JUNEAU, Alaska — Dreams really do come true. And for 2007 Juneau-Douglas High School Crimson Bears guard Talisa Rhea no dream was bigger than playing professional basketball.
"I am leaving in a couple weeks for Poland," Rhea said from Seattle. "It is pretty cool. I wake up with a big smile on my face. My parents are excited too, my dad wants to be at every game."
Last March Rhea, who just completed her senior year at Seattle University, attended the Women's Basketball Coaches Association clinic at the NCAA Women's Final Four and a combine workout camp. While there she was contacted by the Polish team Lotos Gdynia, also known as Lotos VBW Clima Gdynia, from the PLKK league and the European League. The Euro League is the biggest league in Europe, with 15 countries represented.
Rhea, a 5-foot-11 point guard, found an agent and the two entities worked together to form a contract. In June she received the actual eight-month offer to wear the blue and yellow of Lotos.
"Once when everybody agreed on the contract I signed it," Rhea said. "That is kind of how it happened. It was kind of a slow process. Today I just received my flight information."
Rhea hasn't met, or talked to, her coach or any of her teammates yet. Most are from Poland. Teams in the European League can have two Americans on their roster. Rhea's American teammate is former Bradley University player Leah Kassing, a 6-foot-3 center.
Current Polish players on Lotos Gdynia include: Natalia Malaszewska (5-10 guard), Kinga Bandyk (6-1 forward), Magdalena Zietara (5-7 guard), Malgorzata Misiuk (6-1 forward), and Agnieszka Sniezek (5-9 guard).
"I definitely do not speak any Polish," Rhea said. "I am hoping they speak some English. We will be traveling to play teams in Spain and Russia and all over. Which is pretty cool. I will get to play all the teams in Poland but I will also get to see some of Europe. Last year they played in a bunch of different countries."
And it is all paid for. Rhea's contract features a rent free fully furnished apartment (with internet, cable, and phone) in Gdynia on the Baltic Sea across from Sweden and Norway, a paid car, the flight to Poland and a return flight to the United States for Christmas.
While Rhea chose not to divulge what her monetary payment is, she stated her agent said it was above what most first year players receive.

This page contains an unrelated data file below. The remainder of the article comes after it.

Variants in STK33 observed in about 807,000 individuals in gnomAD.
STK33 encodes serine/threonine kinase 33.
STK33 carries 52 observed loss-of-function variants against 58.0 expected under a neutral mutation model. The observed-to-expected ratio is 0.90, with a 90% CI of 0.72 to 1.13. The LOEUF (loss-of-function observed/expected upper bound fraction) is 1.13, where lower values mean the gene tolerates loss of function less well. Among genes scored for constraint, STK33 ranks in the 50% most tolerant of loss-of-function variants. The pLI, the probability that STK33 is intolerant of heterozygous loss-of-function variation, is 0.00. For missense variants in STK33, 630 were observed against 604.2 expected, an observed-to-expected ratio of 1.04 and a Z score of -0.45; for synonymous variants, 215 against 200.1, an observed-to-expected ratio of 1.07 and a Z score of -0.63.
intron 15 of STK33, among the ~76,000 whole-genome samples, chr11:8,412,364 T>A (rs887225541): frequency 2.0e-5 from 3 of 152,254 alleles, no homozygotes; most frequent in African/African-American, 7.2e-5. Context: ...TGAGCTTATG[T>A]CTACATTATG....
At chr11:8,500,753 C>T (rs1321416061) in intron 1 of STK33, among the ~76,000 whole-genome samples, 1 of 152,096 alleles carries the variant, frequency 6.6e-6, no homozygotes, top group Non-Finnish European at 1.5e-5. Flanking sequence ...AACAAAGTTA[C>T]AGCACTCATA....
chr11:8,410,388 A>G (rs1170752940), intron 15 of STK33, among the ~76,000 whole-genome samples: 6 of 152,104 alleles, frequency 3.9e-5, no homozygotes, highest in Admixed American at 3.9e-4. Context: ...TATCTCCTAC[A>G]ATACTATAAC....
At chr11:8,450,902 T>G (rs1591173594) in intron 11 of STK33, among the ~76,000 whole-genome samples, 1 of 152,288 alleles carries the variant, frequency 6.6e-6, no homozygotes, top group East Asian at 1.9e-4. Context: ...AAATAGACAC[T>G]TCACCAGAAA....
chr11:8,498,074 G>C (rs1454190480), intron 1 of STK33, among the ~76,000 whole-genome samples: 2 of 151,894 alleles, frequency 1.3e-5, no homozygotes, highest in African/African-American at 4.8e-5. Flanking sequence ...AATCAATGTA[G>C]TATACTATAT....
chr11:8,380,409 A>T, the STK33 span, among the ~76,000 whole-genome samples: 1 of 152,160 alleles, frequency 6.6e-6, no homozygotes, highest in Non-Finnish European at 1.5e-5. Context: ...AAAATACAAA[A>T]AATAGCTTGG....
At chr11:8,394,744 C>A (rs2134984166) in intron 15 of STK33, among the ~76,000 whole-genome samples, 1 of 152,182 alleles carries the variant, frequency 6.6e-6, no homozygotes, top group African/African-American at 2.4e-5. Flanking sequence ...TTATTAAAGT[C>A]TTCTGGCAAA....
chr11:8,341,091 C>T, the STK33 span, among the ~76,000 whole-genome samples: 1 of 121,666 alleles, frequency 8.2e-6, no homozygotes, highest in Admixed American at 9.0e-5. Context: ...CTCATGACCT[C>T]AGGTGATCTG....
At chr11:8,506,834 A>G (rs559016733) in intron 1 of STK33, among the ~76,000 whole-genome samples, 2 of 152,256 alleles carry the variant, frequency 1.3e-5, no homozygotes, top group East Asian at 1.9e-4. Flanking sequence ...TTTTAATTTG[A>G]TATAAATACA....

"They pretty much cover everything except food and gas and entertainment," Rhea said. "The goal is to prove myself the first year and work my way up. It is definitely nice that they cover everything, I don't have to pay bills or rent. I just get to play ball. It isn't about money, it is about the experience."
The team's first game is September 29 and Euro League playoffs end in April.
"That is as much as I know," Rhea said. "I think most of it I will just figure out once I get there. It is exciting to head over there but a little nerve wracking at the same time."
The Euro League rules follow International Basketball Federation (FIBA) rules.
Rhea has competed under this system while traveling with the United States Basketball Academy team through China last year after her senior season at Seattle University.
"The ball texture is a little different," Rhea said. "It is the same size though, and the lane goes out into a trapezoid, and the three-point line is a little bit further back than our college line. That was the biggest thing I noticed in China, so that will take some adjustment."
Rhea scored 20 points and grabbed 12 rebounds in her first game for Seattle University last November. She helped the Red Hawks to their first 20-win season as a Division I program and advance into the Women's Basketball Invitational semifinal. Rhea was selected to the 2012 Division I All-Independent Women's Basketball Team as well.
Rhea transferred from Oregon State, where for three seasons she disrupted Pac-10 Conference defenses and was selected player-of-the-week multiple times and as a freshman set a school record for 3-pointers in a game.
Although not selected in the April Women's National Basketball Association, a number of players she competed with were chosen, meaning that Rhea has that ability.
Rhea has been working out on her own, finding gyms when not at Seattle University's, playing pick up games, lifting and running.
"I feel pretty good," Rhea said. "I think when I leave in a couple weeks I will be ready. I really have no idea what practices will be like so I am trying to prepare as best I can. I think the European style of play will be a little different."
Continued Rhea, "This is something I have always wanted to do. I think it is pretty much a once in a lifetime opportunity to go to another country, live there and play basketball. It is becoming popular for players to go aboard and it is pretty cool at the opportunities over there now."
When asked what the first thing she wanted to do when arriving in Poland, Rhea stated, "I don't know, hopefully find my apartment close to a gym."